Does God Have Favorites?

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Word Alive — Fr. Bel San Luis, SVD / November 19, 2023

33rdh Sunday in Ordinary Time – A

When I studied at the SVD theological seminary in Tagaytay, we had an exceptionally bright seminarian. In class when the professor was lecturing, he would make sketches on his notebook, seemingly unmindful of what the mentor was saying.

When examinations came, he would get a perfect or near perfect score! Not surprisingly, he graduated with highest honors.

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We do have other people with extraordinary talents and gifts like our own greatest boxer, Manny Pacquiao. Filipina beauties have won in international competitions; Filipinos are known worldwide for singing talents.

We might be tempted to ask, “Why am I not blessed with extraordinary skills and exceptional talents?” Does God have favorites?

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The Parable of the Talents (Mt 25, 14-30) in this 33rd Sunday gospel gives us an answer. It tells us that God does give different gifts to everyone. One receives 5 talents (a currency during Jesus’ time), another 2, and another 1. Just why there is inequality of talents is a mystery. But wouldn’t it be boring if everybody were all geniuses and mega stars? Or, if all were beauty queens, nobody around would admire and clap their hands.

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There is, indeed, inequality and everybody gets sufficient qualities to work with. It does not matter how many talents one has, but HOW one uses them. For instance, a multi-millionaire enriched himself with his business sharp acumen but he did it through illegal means.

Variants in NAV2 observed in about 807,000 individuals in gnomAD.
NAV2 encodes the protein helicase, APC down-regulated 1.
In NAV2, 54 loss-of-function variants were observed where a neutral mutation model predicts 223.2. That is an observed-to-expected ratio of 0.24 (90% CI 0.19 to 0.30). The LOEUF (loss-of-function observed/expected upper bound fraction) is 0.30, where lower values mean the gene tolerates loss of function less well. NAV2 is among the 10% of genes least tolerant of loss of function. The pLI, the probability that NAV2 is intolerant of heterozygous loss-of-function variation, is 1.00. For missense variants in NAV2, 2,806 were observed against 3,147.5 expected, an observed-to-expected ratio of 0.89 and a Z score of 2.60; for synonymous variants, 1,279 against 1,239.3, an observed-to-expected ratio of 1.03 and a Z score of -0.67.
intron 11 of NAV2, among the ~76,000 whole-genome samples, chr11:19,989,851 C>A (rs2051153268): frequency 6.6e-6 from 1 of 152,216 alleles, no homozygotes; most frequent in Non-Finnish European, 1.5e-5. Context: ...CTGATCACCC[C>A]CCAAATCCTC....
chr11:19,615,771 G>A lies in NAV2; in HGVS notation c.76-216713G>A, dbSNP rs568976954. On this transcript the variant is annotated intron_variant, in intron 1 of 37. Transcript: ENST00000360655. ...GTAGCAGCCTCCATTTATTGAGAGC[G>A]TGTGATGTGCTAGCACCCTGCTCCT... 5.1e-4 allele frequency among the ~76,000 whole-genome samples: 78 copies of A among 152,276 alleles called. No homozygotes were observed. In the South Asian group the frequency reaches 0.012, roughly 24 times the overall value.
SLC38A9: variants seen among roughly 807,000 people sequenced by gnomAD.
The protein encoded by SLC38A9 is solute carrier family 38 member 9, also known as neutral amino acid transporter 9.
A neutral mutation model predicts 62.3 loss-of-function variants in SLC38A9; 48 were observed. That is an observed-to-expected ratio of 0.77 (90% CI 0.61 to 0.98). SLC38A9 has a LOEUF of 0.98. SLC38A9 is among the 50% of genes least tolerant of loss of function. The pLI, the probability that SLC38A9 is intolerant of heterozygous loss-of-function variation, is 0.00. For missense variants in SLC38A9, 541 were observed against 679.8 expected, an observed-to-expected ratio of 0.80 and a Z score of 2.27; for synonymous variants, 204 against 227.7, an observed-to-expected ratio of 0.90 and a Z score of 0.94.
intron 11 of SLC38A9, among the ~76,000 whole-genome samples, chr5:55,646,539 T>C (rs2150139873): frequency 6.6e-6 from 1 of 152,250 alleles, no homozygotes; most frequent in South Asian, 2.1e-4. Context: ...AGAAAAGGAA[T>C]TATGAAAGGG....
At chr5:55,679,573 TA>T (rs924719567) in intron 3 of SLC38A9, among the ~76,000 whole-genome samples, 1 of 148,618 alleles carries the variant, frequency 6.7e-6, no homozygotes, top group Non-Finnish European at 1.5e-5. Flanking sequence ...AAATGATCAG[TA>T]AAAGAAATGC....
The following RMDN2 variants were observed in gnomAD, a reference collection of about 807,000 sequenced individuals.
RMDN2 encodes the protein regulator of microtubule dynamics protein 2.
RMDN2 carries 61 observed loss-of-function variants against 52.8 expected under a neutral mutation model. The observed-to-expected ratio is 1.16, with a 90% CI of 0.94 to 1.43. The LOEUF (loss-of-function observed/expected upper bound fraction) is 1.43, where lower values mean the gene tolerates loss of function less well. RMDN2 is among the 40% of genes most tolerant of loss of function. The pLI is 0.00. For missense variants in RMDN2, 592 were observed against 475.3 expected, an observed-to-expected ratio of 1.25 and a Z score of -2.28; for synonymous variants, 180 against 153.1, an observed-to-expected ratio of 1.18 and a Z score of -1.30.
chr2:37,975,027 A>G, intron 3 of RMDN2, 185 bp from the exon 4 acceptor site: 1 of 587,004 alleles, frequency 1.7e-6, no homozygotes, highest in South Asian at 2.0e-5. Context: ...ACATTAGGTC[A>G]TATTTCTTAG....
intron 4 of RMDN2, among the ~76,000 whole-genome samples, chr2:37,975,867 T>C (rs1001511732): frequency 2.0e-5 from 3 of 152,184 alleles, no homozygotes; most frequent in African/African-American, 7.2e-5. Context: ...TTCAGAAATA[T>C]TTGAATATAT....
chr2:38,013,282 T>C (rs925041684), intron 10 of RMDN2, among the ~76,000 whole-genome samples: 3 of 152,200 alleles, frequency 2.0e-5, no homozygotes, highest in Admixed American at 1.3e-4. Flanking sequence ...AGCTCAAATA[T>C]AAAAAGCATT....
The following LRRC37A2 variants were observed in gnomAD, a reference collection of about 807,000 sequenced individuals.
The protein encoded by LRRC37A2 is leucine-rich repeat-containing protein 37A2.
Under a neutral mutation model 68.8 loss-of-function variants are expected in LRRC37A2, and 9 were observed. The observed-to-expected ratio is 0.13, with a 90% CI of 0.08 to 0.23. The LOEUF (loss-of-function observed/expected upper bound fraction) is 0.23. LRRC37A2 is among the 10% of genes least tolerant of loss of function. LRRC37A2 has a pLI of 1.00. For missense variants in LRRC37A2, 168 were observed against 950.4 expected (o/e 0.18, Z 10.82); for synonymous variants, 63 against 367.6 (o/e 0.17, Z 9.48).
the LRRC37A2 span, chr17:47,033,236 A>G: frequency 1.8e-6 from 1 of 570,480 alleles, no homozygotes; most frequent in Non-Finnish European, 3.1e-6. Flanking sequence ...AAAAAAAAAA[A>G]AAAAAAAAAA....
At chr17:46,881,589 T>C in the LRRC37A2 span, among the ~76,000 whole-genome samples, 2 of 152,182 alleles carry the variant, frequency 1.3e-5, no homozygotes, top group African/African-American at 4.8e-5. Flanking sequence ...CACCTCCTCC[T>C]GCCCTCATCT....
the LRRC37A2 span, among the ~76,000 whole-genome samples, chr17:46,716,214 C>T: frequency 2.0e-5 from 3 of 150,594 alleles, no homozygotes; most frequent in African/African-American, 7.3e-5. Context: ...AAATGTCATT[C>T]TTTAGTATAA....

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The man in the parable who received one talent was not condemned because he had only one, rather because he buried the 1 talent in the ground and failed to use it. Jesus said, “He could have invested the little he had and showed the little profit when the master came home.”

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Christ’s Parable of the Talents also teaches us ACCOUNTABILITY. We will render an accounting of our gifts, whether that is a material wealth, a lofty position or an inborn skill before the Lord when He comes to judge us.

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ASK YOURSELF: Do I use my talents for the good of people, or only for my own benefit and enjoyment? Give thanks to God for your talents, but don’t forget to share its fruits with the less fortunate.

“To whom much is given, much is expected” (Luke 12,48).

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Let me conclude with the words of renowned writer Grantland Rice, “For when the Great Scorer comes to write against your name, He writes—not that you won or lost—but HOW you played the game.”

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THE LIGHTER SIDE. Once a professor, known for his sarcastic remarks, picked on a slow-witted student. “Jun, where were you when God was distributing brains?” The whole class laughed.

Regaining his composure, Jun countered, “Sir, didn’t you know? Magkatabi lang tayo!” (We were just beside each other!). Everybody roared against their nasty mentor.

LESSON: Don’t look down on others. They may be more gifted than you.

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